The Indonesian Rupiah rates below were last updated 1 minute ago
If you're travelling to Indonesia soon you'll want to get the best deal on your Indonesian Rupiahs. Our free comparison service compares the best Indonesian Rupiah rates from the biggest currency suppliers in the UK so you can see at a glance who is offering the top deals. We are currently comparing 13 suppliers selling Indonesian Rupiahs in the UK with exchange rates ranging from 16225 to 16847.
But wait, it gets better! Many of the top suppliers listed above offer us exclusive exchange rates that are better than any other website which means if you order through us you could save even more money. We are so confident that you won't find better Indonesian Rupiah exchange rates on any other UK website that we challenge you to let us know if you find a better deal!
The Indonesian islands (particularly Bali) are one of the surfing capitals of the world and have a lot to offer casual tourists and surfers alike. Travellers to Indonesia tend to stay for longer periods of time compared to European destinations, and as such the average order for Rupiahs is now £890 (14,993,830.00IDR as of Monday 25th of September 2017 and based on the data from 1st of July to 30st of September, 2016), This is up on the previous amount of £775 (13,772,500 IDR according to orders placed between 1st August and 31st October 2013).
There are constantly moves to revalue the Rupiah. The intention is to make the Rupiah 100 times more valuable by removing two zeros from the face value. If this happens travellers should be very cautious when receiving or exchanging money. This has been mooted for many years now but has yet to happen. It is a common scam after a revaluation to pass off old currency as the more valuable new notes and for this reason we recommend that you buy your Rupiahs in the UK before you leave to avoid any complications.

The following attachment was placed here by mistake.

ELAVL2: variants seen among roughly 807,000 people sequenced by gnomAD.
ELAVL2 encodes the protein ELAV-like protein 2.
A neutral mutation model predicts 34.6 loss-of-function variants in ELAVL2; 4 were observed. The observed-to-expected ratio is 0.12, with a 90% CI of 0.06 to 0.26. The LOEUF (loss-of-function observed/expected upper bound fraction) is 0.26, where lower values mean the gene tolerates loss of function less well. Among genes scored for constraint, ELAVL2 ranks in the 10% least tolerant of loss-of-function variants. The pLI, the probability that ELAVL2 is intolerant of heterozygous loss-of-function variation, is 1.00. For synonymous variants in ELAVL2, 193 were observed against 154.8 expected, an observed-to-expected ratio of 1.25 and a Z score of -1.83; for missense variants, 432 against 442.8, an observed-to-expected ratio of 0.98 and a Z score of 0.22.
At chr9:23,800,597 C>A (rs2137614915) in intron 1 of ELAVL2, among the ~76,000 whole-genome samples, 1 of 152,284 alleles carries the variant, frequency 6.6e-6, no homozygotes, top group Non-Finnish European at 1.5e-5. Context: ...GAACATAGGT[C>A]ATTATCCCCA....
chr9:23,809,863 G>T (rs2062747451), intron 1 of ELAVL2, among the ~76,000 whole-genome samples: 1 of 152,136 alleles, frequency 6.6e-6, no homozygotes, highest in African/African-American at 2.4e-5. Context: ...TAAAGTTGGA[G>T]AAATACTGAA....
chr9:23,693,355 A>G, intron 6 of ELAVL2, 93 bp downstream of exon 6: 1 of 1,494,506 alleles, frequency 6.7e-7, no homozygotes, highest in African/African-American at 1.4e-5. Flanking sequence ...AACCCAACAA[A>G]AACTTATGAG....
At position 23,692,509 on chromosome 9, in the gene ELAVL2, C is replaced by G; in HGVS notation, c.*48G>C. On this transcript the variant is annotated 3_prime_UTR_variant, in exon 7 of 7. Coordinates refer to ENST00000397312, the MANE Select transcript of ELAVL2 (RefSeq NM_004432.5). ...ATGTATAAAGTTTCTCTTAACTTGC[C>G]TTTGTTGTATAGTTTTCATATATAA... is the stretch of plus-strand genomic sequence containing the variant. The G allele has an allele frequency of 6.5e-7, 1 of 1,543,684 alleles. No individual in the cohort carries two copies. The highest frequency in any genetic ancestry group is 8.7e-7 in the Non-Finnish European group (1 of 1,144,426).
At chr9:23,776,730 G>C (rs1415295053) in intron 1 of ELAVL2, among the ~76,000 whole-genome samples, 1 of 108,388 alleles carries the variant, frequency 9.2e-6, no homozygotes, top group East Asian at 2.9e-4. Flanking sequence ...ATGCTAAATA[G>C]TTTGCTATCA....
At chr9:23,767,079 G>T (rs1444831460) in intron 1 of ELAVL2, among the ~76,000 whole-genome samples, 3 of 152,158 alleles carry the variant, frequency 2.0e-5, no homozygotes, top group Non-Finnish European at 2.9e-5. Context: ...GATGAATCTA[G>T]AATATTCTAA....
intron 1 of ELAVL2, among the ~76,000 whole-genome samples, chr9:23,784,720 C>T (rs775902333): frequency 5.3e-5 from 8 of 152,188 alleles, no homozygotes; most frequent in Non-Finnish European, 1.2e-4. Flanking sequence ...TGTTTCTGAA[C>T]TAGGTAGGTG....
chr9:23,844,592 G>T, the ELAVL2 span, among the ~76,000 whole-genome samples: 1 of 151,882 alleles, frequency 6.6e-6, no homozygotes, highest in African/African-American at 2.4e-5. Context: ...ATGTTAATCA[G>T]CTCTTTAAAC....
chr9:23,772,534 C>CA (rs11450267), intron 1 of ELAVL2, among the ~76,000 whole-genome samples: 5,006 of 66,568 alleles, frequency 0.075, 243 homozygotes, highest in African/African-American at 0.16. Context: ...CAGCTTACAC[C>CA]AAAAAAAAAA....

You'll need to apply for a visa to enter Indonesia which you can get upon your arrival or from the Indonesian Embassy in London. Visas cost around $35 USD (or equivalent) and are valid for up to 30 days. A shorter 7-day transit visa is also available at a reduced cost but must be purchased in advance from the Indonesian Embassy.
If you stay in private accommodation in Indonesia (for example with a host family), you are required to register your presence with the local police authority or you could face a fine or deportation. If you stay in a hotel you will be automatically registered during check-in.
Over the past week the Indonesian Rupiah has increased by 0.46% from last Tuesday's rate of 16770.1 to today's rate of 16847 which means £750 will buy you Rp57,675.00 more now than it would have a week ago. During this period the best rate we recorded was 16880.5 on Thursday and the worst rate was 16770.1 on Tuesday.
The 90 day outlook has seen the Indonesian Rupiah rate increase by 4.57% from 16111.3 on 28th June 2017 to 16847 today. Based on these figures, £750 will buy you Rp551,775.00 more today than it would have three months ago. We recorded a high rate of 16880.5 on 21st September 2017 and a low rate of 15990.1 on 24th August 2017.
We are accredited partners of the Foreign & Commonwealth Office (FCO) Travel Aware campaign which provides official government advice for British travellers heading abroad.
The FCO release travel alerts containing important information for travellers to any countries where the safety or security of British citizens may be at risk.
Updated: 22nd September 2017
Latest update: Summary – on 22 September 2017, the National Disaster Management Authority raised the volcanic alert level for Mount Agung in north east Bali to level 4; you should follow the advice of the local authorities and stay outside the exclusion zone which extends between 9 and 12 km from the crater; in the event of an eruption and volcanic ash clouds, which could cause flight disruptions, you should confirm your travel arrangements directly with your airline or travel agent before travelling to the airport
Posted by Matthew Weston on 24th September 2017
The number of people going self-employed in the creative and business sectors is increasing at a faster rate than ever before. As a journalism student, I was told that nearly everybody in my class will have to read more
Posted by Holly Burgess on 23rd September 2017
When planning your travels, the most important thing to decide is where in the world you want to go. But wouldn’t it be great if you could select the specific room you wanted to stay in? Thomas Cook ha read more